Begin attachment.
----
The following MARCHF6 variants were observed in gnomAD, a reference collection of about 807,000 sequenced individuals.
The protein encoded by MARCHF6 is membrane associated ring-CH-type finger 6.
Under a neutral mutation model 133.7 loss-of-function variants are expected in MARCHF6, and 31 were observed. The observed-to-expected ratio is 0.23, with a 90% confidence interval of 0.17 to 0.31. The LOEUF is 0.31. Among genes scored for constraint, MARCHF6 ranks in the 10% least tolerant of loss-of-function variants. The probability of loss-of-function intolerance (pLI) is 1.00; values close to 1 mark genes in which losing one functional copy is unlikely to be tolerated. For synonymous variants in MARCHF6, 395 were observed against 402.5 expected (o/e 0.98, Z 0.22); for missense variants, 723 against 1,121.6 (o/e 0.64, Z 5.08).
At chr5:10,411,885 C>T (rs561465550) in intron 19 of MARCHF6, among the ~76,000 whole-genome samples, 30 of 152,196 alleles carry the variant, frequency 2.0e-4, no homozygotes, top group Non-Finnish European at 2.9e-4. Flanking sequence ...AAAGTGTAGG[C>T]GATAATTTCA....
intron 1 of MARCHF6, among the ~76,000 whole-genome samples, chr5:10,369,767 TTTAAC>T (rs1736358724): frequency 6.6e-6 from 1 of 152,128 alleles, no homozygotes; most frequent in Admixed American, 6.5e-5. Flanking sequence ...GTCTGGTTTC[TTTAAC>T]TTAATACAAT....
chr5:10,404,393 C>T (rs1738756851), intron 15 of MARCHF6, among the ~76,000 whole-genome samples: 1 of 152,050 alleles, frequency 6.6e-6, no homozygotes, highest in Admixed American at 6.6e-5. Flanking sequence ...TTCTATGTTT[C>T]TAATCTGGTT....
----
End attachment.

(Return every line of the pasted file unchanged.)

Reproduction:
The following MARCHF6 variants were observed in gnomAD, a reference collection of about 807,000 sequenced individuals.
The protein encoded by MARCHF6 is membrane associated ring-CH-type finger 6.
Under a neutral mutation model 133.7 loss-of-function variants are expected in MARCHF6, and 31 were observed. The observed-to-expected ratio is 0.23, with a 90% confidence interval of 0.17 to 0.31. The LOEUF is 0.31. Among genes scored for constraint, MARCHF6 ranks in the 10% least tolerant of loss-of-function variants. The probability of loss-of-function intolerance (pLI) is 1.00; values close to 1 mark genes in which losing one functional copy is unlikely to be tolerated. For synonymous variants in MARCHF6, 395 were observed against 402.5 expected (o/e 0.98, Z 0.22); for missense variants, 723 against 1,121.6 (o/e 0.64, Z 5.08).
At chr5:10,411,885 C>T (rs561465550) in intron 19 of MARCHF6, among the ~76,000 whole-genome samples, 30 of 152,196 alleles carry the variant, frequency 2.0e-4, no homozygotes, top group Non-Finnish European at 2.9e-4. Flanking sequence ...AAAGTGTAGG[C>T]GATAATTTCA....
intron 1 of MARCHF6, among the ~76,000 whole-genome samples, chr5:10,369,767 TTTAAC>T (rs1736358724): frequency 6.6e-6 from 1 of 152,128 alleles, no homozygotes; most frequent in Admixed American, 6.5e-5. Flanking sequence ...GTCTGGTTTC[TTTAAC>T]TTAATACAAT....
chr5:10,404,393 C>T (rs1738756851), intron 15 of MARCHF6, among the ~76,000 whole-genome samples: 1 of 152,050 alleles, frequency 6.6e-6, no homozygotes, highest in Admixed American at 6.6e-5. Flanking sequence ...TTCTATGTTT[C>T]TAATCTGGTT....